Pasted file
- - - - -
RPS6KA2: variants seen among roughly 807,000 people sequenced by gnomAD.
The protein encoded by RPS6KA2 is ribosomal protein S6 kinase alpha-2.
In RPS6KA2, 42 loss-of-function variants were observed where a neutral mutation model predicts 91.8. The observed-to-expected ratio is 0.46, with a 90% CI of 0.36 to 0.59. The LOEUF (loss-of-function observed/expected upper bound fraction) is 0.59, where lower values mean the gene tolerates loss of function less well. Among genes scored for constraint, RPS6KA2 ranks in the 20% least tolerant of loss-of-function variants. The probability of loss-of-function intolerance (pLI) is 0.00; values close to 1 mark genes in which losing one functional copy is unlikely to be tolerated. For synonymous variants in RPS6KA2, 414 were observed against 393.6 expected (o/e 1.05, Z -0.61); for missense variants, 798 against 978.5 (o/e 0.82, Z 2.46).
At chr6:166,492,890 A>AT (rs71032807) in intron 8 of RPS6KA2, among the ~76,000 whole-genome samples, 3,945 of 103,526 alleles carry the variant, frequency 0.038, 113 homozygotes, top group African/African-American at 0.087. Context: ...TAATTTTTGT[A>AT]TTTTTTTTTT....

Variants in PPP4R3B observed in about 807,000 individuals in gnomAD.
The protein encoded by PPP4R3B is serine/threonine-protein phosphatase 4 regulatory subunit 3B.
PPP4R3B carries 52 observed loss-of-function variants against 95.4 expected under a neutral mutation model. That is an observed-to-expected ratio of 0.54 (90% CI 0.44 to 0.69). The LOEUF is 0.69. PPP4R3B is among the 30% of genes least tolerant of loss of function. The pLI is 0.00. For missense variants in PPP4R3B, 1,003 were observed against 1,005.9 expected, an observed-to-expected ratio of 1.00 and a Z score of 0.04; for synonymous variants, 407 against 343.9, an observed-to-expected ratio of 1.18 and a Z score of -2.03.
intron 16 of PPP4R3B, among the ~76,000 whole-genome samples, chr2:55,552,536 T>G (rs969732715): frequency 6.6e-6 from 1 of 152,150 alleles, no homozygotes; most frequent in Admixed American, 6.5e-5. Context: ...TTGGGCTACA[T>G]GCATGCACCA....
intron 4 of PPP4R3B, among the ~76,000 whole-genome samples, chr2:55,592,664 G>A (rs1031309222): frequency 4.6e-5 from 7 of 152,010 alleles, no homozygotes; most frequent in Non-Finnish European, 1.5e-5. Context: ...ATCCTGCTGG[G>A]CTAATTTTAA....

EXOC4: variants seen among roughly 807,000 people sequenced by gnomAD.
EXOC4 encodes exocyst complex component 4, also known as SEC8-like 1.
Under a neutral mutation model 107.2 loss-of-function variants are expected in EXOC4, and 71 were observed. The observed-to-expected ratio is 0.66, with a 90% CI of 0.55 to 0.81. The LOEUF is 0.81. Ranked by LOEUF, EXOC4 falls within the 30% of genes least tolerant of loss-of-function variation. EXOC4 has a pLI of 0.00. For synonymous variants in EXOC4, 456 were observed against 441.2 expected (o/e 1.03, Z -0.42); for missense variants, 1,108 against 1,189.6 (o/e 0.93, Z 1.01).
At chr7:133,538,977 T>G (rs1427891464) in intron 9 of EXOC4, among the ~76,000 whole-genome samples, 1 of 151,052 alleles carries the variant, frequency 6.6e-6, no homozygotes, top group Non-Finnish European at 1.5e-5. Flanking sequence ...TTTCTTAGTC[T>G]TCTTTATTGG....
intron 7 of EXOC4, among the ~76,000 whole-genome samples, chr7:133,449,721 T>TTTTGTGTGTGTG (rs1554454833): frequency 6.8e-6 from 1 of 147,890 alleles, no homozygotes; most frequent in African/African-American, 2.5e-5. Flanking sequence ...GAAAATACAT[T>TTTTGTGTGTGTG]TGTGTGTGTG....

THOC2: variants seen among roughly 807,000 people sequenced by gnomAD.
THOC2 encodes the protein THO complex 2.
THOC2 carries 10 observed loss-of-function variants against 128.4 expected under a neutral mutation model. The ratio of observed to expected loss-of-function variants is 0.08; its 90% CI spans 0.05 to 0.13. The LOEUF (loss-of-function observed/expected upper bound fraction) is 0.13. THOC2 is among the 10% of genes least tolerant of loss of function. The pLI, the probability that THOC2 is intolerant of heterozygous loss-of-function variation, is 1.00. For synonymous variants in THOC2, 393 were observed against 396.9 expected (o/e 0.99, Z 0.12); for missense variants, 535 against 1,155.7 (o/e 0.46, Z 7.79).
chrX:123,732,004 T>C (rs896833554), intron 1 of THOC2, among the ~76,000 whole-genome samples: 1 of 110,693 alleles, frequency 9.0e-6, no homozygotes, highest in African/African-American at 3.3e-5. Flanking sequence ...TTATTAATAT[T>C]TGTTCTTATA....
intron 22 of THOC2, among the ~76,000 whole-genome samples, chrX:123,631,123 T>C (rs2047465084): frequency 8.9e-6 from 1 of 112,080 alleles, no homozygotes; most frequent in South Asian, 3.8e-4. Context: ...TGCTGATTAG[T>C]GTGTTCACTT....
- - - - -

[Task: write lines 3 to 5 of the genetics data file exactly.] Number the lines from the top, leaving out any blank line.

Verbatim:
In RPS6KA2, 42 loss-of-function variants were observed where a neutral mutation model predicts 91.8. The observed-to-expected ratio is 0.46, with a 90% CI of 0.36 to 0.59. The LOEUF (loss-of-function observed/expected upper bound fraction) is 0.59, where lower values mean the gene tolerates loss of function less well. Among genes scored for constraint, RPS6KA2 ranks in the 20% least tolerant of loss-of-function variants. The probability of loss-of-function intolerance (pLI) is 0.00; values close to 1 mark genes in which losing one functional copy is unlikely to be tolerated. For synonymous variants in RPS6KA2, 414 were observed against 393.6 expected (o/e 1.05, Z -0.61); for missense variants, 798 against 978.5 (o/e 0.82, Z 2.46).
At chr6:166,492,890 A>AT (rs71032807) in intron 8 of RPS6KA2, among the ~76,000 whole-genome samples, 3,945 of 103,526 alleles carry the variant, frequency 0.038, 113 homozygotes, top group African/African-American at 0.087. Context: ...TAATTTTTGT[A>AT]TTTTTTTTTT....

Variants in PPP4R3B observed in about 807,000 individuals in gnomAD.